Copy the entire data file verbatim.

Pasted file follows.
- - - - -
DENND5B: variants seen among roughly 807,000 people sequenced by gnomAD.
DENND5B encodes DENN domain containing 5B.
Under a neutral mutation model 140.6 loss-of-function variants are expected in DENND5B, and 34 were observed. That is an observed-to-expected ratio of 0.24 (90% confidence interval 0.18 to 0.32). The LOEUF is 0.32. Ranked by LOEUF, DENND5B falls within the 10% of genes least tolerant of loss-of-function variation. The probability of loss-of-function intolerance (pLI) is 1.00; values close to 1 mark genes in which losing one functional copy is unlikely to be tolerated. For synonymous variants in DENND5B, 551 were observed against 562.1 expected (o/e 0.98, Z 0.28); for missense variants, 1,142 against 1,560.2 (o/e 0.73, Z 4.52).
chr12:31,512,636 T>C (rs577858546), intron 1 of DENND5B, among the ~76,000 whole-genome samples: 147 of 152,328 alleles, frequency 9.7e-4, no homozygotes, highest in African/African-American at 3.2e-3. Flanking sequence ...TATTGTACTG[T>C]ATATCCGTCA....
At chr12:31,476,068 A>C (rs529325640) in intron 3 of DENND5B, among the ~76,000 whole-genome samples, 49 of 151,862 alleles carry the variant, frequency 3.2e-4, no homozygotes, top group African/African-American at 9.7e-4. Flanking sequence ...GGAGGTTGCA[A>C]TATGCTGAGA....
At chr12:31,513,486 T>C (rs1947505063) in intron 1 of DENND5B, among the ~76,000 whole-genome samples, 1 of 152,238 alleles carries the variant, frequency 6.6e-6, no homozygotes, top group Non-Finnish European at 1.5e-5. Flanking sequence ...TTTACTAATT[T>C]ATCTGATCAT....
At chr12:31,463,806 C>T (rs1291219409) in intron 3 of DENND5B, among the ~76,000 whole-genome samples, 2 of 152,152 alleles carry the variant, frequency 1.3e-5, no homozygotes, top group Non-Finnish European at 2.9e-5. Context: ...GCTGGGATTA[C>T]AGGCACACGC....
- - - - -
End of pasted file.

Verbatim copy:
DENND5B: variants seen among roughly 807,000 people sequenced by gnomAD.
DENND5B encodes DENN domain containing 5B.
Under a neutral mutation model 140.6 loss-of-function variants are expected in DENND5B, and 34 were observed. That is an observed-to-expected ratio of 0.24 (90% confidence interval 0.18 to 0.32). The LOEUF is 0.32. Ranked by LOEUF, DENND5B falls within the 10% of genes least tolerant of loss-of-function variation. The probability of loss-of-function intolerance (pLI) is 1.00; values close to 1 mark genes in which losing one functional copy is unlikely to be tolerated. For synonymous variants in DENND5B, 551 were observed against 562.1 expected (o/e 0.98, Z 0.28); for missense variants, 1,142 against 1,560.2 (o/e 0.73, Z 4.52).
chr12:31,512,636 T>C (rs577858546), intron 1 of DENND5B, among the ~76,000 whole-genome samples: 147 of 152,328 alleles, frequency 9.7e-4, no homozygotes, highest in African/African-American at 3.2e-3. Flanking sequence ...TATTGTACTG[T>C]ATATCCGTCA....
At chr12:31,476,068 A>C (rs529325640) in intron 3 of DENND5B, among the ~76,000 whole-genome samples, 49 of 151,862 alleles carry the variant, frequency 3.2e-4, no homozygotes, top group African/African-American at 9.7e-4. Flanking sequence ...GGAGGTTGCA[A>C]TATGCTGAGA....
At chr12:31,513,486 T>C (rs1947505063) in intron 1 of DENND5B, among the ~76,000 whole-genome samples, 1 of 152,238 alleles carries the variant, frequency 6.6e-6, no homozygotes, top group Non-Finnish European at 1.5e-5. Flanking sequence ...TTTACTAATT[T>C]ATCTGATCAT....
At chr12:31,463,806 C>T (rs1291219409) in intron 3 of DENND5B, among the ~76,000 whole-genome samples, 2 of 152,152 alleles carry the variant, frequency 1.3e-5, no homozygotes, top group Non-Finnish European at 2.9e-5. Context: ...GCTGGGATTA[C>T]AGGCACACGC....